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How Exercise Helps Atrial Fibrillation

By Maureen Salamon

Updated November 01, 2008

(LifeWire) - Atrial fibrillation (AF), a rapid, irregular heartbeat affecting 9% of Americans over age 60, can make day-to-day activities difficult. But  studies show this debilitating condition can be prevented in some older people by walking or engaging in other light to moderate exercise.

While not life-threatening on its own, AF does increase the risk of experiencing major complications such as stroke or heart attack. The leading type of cardiac arrhythmia, or irregular heartbeat, AF occurs when the heart's two top chambers (the atria) contract improperly and can cause blood to back up into the heart, possibly leading to clot formation.

The irregular heartbeat causes a myriad of symptoms, including a racing pulse, dizziness, shortness of breath, sweating or feeling unable to exert oneself in exercise. But exercise, ironically, may be one of the best ways to prevent it.

A 2008 study in the journal Circulation showed a dramatic difference in AF incidence among senior citizens who maintain a light to moderate walking regimen or leisure-time activity. AF is most common among the elderly. From more than 5,400 adults studied, AF incidence was 22% lower in those who walked 5 to 11 blocks per week, a risk that was lowered by 44% among those who walked 60 or more blocks per week (roughly 3 miles).

AF treatment aims to prevent blood clots from forming and to control heart rate within a normal range. Resources include medication, surgery or a procedure known as cardioversion, which can shock the heart back into normal rhythm with electrical impulses. Scientists believe light exercise works as a form of preventive self-cardioversion by helping the heart maintain a normal rate.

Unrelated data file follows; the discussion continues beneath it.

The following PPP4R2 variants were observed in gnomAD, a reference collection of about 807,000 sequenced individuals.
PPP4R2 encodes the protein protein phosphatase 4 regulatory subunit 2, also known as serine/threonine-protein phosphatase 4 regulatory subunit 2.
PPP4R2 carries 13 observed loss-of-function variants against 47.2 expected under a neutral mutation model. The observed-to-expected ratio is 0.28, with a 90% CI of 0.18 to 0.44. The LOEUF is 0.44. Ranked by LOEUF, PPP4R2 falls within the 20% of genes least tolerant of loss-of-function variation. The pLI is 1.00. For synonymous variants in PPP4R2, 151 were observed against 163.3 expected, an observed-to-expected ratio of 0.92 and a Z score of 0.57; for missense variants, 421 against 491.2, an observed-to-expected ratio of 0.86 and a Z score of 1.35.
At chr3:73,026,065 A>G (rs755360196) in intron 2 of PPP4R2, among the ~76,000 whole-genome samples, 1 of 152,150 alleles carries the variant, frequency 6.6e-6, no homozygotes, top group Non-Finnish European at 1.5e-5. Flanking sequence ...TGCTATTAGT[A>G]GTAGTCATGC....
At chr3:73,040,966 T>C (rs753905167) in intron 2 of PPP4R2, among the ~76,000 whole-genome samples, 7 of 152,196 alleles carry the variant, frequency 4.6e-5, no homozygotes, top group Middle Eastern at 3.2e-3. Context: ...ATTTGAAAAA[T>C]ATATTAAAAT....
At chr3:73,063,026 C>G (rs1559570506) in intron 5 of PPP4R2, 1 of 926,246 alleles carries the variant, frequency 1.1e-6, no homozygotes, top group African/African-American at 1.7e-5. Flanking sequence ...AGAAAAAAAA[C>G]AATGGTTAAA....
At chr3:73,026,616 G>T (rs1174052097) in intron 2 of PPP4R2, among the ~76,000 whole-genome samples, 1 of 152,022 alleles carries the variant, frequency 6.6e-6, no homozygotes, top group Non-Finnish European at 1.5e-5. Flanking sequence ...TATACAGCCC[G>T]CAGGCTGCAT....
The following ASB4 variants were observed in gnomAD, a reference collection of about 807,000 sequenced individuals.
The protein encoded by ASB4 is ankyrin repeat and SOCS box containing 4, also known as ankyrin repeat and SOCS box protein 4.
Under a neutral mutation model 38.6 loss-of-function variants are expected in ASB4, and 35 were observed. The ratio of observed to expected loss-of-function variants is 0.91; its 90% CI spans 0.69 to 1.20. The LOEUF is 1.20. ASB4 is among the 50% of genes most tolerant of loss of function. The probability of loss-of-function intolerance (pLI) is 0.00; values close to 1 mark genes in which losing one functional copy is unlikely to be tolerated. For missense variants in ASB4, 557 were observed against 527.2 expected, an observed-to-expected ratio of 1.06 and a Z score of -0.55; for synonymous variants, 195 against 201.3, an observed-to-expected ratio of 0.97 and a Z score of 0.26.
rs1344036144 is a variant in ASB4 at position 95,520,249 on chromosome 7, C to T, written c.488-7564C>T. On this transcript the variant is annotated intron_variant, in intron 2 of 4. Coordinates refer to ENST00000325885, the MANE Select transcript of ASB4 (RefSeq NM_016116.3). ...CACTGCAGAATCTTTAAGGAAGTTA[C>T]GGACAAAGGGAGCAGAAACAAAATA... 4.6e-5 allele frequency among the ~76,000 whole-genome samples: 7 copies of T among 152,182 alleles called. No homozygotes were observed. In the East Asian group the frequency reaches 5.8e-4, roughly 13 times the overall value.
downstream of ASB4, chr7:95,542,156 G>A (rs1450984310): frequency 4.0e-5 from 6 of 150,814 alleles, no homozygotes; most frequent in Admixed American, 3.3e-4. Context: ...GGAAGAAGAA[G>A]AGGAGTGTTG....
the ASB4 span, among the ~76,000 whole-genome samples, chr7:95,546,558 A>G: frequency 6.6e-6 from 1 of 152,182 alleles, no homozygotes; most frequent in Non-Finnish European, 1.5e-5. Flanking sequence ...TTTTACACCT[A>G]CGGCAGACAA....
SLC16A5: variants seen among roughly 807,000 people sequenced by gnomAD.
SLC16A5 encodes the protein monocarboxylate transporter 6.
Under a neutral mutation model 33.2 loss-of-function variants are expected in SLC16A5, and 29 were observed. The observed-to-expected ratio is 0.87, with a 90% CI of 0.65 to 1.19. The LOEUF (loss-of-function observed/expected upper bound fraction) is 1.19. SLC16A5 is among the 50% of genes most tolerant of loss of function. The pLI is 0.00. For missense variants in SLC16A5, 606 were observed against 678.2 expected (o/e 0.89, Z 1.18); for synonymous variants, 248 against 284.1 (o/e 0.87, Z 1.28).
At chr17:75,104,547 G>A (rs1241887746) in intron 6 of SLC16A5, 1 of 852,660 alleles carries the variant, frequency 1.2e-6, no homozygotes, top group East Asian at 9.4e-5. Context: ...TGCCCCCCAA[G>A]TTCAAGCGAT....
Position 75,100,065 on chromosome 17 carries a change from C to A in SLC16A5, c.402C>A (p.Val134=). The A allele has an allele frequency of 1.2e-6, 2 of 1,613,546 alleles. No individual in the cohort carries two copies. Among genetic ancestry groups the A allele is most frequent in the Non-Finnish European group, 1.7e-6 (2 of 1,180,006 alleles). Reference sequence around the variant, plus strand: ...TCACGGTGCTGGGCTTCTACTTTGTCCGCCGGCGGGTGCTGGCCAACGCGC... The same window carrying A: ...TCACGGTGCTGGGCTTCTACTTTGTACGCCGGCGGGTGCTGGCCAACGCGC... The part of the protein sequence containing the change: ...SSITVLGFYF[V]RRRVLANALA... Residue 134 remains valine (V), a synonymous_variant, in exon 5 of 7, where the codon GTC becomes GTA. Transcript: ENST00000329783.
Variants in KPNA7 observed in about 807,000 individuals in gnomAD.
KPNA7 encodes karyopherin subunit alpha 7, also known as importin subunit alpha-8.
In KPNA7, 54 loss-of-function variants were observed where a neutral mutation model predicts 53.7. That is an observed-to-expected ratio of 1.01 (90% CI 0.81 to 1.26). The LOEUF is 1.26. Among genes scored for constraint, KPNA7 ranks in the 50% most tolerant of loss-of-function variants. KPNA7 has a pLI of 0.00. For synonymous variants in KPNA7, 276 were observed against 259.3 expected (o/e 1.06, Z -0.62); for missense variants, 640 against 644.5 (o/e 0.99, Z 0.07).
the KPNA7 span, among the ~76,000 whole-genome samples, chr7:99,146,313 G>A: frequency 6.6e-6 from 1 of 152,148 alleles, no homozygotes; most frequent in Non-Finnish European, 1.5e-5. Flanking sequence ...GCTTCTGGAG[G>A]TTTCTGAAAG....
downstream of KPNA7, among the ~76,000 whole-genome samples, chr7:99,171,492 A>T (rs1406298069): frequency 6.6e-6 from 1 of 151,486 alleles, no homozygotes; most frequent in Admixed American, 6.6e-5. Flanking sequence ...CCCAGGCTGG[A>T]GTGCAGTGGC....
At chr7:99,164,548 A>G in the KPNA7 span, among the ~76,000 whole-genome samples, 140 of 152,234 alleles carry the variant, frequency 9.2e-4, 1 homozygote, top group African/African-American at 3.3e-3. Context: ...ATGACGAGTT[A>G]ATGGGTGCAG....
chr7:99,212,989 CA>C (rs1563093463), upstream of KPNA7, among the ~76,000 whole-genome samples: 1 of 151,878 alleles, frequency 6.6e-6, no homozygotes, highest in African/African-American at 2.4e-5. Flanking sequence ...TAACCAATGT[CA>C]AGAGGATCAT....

A retrospective study of 942 people in the European Heart Journal indicates that exercise is not as effective among AF patients already experiencing heart failure symptoms. Certain people are predisposed to AF, including those who have existing heart disease, such as heart failure, previous heart attack, valve disease or recent heart surgery. Men are more likely to have AF, although women have a higher, long-term risk of complications causing premature death.


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LifeWire, a part of The New York Times Company, provides original and syndicated online lifestyle content. Maureen Salamon is a New Jersey-based freelance writer who has written for newspapers, websites and hospitals.

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